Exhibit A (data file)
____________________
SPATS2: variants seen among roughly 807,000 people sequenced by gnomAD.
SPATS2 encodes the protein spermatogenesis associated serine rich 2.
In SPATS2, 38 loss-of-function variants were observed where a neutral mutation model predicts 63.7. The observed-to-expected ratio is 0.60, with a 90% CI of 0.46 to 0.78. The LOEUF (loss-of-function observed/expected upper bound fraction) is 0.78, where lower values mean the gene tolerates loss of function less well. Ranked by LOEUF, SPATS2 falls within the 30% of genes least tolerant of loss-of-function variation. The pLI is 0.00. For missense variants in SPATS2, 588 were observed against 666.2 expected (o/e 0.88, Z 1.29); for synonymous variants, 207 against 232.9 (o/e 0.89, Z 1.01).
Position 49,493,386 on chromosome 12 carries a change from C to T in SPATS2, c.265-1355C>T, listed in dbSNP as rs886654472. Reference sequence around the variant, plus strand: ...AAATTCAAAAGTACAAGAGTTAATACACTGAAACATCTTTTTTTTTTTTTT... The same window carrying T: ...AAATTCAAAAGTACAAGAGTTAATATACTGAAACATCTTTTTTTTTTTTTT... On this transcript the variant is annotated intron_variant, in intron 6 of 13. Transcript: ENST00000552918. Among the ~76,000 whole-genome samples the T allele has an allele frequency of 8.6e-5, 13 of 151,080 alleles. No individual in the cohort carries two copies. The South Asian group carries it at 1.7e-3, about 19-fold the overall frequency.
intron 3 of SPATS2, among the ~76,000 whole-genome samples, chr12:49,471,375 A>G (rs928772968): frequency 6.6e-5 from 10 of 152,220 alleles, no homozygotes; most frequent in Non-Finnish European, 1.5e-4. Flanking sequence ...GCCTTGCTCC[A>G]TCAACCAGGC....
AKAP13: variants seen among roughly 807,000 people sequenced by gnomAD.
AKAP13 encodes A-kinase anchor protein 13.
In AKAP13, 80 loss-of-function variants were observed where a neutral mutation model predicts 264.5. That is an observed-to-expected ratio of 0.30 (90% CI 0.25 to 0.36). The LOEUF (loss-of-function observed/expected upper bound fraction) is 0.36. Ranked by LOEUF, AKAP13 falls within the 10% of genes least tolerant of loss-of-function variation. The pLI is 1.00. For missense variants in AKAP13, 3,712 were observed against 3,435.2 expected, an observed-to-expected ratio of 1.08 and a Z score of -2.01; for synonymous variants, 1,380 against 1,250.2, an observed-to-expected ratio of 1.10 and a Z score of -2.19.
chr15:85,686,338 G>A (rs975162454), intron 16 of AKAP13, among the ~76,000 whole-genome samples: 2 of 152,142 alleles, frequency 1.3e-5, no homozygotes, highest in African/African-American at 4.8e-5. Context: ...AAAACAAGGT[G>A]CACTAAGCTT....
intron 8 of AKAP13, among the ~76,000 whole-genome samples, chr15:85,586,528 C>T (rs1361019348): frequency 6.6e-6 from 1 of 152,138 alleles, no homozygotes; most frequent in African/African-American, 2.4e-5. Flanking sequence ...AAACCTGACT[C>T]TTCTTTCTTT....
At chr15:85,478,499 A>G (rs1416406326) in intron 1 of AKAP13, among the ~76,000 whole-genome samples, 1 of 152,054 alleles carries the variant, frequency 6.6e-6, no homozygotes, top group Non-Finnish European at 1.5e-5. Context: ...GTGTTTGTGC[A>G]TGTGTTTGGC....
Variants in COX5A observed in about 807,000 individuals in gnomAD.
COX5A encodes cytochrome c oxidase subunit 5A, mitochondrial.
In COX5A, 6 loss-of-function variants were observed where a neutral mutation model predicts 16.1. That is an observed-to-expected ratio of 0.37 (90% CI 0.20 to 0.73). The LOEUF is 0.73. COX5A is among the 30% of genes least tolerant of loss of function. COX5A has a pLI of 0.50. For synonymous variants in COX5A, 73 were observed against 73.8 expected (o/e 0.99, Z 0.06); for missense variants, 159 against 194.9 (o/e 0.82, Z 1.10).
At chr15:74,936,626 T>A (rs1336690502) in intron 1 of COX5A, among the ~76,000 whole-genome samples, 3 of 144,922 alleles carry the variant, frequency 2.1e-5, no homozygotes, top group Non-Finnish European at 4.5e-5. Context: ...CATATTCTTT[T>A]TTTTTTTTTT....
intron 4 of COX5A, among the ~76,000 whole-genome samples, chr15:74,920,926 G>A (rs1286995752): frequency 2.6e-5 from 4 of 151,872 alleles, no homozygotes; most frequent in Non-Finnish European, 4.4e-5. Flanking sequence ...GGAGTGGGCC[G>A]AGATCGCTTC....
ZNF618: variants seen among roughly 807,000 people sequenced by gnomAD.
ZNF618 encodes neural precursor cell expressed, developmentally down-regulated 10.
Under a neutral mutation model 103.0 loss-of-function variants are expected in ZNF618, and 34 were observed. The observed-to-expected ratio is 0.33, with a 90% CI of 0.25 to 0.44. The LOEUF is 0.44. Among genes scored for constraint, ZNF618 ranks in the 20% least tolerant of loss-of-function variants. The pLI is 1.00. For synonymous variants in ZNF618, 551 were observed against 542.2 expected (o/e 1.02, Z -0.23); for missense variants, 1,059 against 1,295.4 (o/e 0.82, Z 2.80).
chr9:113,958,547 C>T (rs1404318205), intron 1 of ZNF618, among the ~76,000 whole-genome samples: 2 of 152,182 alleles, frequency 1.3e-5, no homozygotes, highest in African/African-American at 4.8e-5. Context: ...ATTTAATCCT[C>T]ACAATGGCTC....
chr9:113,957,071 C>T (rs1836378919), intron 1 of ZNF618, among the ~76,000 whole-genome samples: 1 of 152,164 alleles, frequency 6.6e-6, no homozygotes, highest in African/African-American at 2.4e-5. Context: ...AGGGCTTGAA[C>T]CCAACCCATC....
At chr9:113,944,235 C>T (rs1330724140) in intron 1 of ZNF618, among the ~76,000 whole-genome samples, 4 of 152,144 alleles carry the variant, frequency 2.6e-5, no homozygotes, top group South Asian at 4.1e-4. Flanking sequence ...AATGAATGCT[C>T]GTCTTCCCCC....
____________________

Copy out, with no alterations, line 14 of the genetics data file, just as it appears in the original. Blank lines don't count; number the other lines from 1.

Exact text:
In COX5A, 6 loss-of-function variants were observed where a neutral mutation model predicts 16.1. That is an observed-to-expected ratio of 0.37 (90% CI 0.20 to 0.73). The LOEUF is 0.73. COX5A is among the 30% of genes least tolerant of loss of function. COX5A has a pLI of 0.50. For synonymous variants in COX5A, 73 were observed against 73.8 expected (o/e 0.99, Z 0.06); for missense variants, 159 against 194.9 (o/e 0.82, Z 1.10).